Prostate Cancer Units: The Patients’ Perspective

By: Louis Denisa b c lowast

European Urology, Volume 60 Issue 6, December 2011, Pages 1200-1201

Published online: 01 December 2011

Abstract Full Text Full Text PDF (76 KB)

Optimal medical treatment and personalized, holistic patient care in an even balance is the ultimate management vision of Europa Uomo, the European prostate cancer coalition, for all patients diagnosed with prostate cancer (PCa).

No matter how well informed they are by the treating physician who supplies brochures and decision aids, patients still experience anxiety and stress, which they try to hide from their physician and loved ones in the days following the diagnosis. This emotional reaction is many times enhanced by the fact that PCa is mostly diagnosed in men >65 yr who are facing recent retirement, physical decline, perceived loss of social esteem, and a new start in life as a senior citizen. Most of them claim to prefer the truth about their diagnosis and its consequences while sometimes ignoring they need professional and caring support to face this truth. Even when well informed about the probable cure and/or control of PCa, they panic at the thought of losing their potency and urine continence because of the proposed treatments. With these thoughts flashing through their minds, they want to hear about their chances of surviving the disease and about their new quality of life after treatment [1].

The professional advice and support grounded in evidence-based medicine is the easiest part of the dialogue. We always provide a short but clear overview of the three main prostate diseases—prostatitis, benign prostate hyperplasia (BPH), and PCa—and their relationship to prostate-specific antigen (PSA) levels. The emphasis on the fact that we diagnose more BPH then PCa has an immediate calming effect on the patient concerned with so-called abnormal PSA results. A short paragraph on the impeccable urologic track record of BPH treatment, with zero mortality and excellent quality-of-life outcomes, is a good introduction to a PCa diagnosis. The second emphasis is on the idea that PCa is a complex disease with different biologic forms. The knowledge that most forms are indolent or low risk, as compared with intermediate or high risk, leads to an optimistic dialogue about prognostic factors and primary treatments [2].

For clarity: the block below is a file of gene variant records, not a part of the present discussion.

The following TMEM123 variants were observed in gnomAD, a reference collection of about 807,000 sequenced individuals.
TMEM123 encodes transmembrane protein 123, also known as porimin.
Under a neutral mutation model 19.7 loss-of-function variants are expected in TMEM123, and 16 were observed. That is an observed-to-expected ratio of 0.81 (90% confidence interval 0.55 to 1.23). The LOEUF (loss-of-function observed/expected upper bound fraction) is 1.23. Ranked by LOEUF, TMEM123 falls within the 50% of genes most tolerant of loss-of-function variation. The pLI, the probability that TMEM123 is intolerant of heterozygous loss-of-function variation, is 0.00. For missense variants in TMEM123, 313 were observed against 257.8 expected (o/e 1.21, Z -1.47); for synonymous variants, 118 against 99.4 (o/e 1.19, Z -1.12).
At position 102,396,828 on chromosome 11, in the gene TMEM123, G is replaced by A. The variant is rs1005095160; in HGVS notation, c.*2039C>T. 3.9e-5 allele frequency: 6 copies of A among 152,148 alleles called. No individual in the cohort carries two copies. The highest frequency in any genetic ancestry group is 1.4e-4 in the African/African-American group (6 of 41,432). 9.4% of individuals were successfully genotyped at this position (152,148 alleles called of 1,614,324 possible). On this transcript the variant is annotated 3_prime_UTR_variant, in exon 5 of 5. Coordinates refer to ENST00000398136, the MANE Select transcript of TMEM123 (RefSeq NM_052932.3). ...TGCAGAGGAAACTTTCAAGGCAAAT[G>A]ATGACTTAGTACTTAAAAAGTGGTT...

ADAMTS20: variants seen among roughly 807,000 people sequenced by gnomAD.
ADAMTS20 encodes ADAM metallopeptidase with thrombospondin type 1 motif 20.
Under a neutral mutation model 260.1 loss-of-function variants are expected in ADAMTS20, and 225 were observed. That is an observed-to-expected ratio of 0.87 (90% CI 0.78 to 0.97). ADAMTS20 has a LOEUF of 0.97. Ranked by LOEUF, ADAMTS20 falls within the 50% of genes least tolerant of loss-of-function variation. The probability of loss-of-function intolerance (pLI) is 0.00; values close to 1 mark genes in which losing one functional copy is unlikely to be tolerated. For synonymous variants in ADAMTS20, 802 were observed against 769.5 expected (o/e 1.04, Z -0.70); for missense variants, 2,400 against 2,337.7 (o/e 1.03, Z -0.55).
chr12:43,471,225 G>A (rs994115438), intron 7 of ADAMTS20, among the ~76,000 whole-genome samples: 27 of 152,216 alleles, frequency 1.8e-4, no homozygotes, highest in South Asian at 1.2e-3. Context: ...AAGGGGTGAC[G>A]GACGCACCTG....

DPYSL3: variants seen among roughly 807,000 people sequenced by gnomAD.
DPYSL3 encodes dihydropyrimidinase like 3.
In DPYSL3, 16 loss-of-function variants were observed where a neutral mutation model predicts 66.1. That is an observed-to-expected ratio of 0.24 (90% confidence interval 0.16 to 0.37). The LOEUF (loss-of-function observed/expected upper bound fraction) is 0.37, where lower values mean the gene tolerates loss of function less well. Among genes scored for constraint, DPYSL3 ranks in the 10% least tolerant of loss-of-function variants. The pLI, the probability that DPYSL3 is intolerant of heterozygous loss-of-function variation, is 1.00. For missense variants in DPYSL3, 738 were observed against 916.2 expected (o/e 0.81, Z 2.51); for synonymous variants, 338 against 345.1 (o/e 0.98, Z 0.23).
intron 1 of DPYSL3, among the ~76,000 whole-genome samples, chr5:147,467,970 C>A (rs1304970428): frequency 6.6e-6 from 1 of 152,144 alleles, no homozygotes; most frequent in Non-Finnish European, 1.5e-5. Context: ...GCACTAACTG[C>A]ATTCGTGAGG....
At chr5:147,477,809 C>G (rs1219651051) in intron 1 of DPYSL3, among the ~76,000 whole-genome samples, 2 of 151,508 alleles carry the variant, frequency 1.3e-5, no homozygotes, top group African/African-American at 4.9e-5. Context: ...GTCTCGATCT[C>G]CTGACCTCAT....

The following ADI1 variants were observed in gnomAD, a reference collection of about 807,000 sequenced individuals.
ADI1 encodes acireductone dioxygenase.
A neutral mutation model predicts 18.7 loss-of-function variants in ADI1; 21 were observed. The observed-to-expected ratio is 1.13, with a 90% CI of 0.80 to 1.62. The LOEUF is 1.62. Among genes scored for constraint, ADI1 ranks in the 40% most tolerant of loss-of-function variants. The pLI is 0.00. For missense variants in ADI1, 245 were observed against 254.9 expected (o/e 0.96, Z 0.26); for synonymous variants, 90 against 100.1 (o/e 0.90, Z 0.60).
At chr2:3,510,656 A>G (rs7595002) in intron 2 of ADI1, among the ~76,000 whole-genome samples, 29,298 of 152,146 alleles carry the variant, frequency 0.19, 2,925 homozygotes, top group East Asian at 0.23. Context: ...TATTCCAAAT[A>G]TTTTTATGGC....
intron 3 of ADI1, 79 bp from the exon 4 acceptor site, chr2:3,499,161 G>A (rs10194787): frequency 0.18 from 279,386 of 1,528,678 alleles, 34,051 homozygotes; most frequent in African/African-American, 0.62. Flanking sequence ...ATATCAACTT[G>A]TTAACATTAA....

Some optimism and clarity are needed, as our increased knowledge about prognostic factors and the many forms of primary treatment, ranging from active surveillance to combination treatments of surgery and radiation therapy, make a shared treatment decision a complex issue in the doctor–patient dialogue. There are few facts and many uncertainties that require the expertise of teamwork focused on the individual patient. There is medical and societal consensus that cancer is best treated by a multidisciplinary team, confirming the improved outcome results recorded in multidisciplinary clinical trials [3] and [4].

The launch and development of PCa units (PCUs), as proposed and functioning in Germany and the United States, may be a valid solution to meeting this challenge (pers. comm., G. Feick, Zertifizierung von Prostatakarzinomzentren) [5]. There are obvious benefits to integrated cancer management for patients in a one-stop shop in which a full state-of-the-art program provides not only consultation with different experts on diagnosis and treatment but also access to innovative, tested health technology [6].

This kind of organization may finally deliver the eagerly awaited oncologic and functional outcomes of PCa treatment based on prospective data open to professional and public scrutiny. Most of our big hospitals are familiar with tumor boards, which are mandatory in Belgium [7], but few have the human and financial resources to match the proposed requirements [6]. Doing so will require a simultaneous reorganization of the PCa services in the hospitals and adaptation of the practicing physicians from individual to team players.

The physician may lose some autonomy in turning into a team player and thus lose the “colloque singulier,” the personal bond of trust between doctor and patient. This loss is a direct consequence of our advanced health technology setting, in which the patient puts blind trust in the hands of an acknowledged expert. This trend is reflected in modern life, where public trust is high in fire brigades and doctors and is low in politicians and bankers.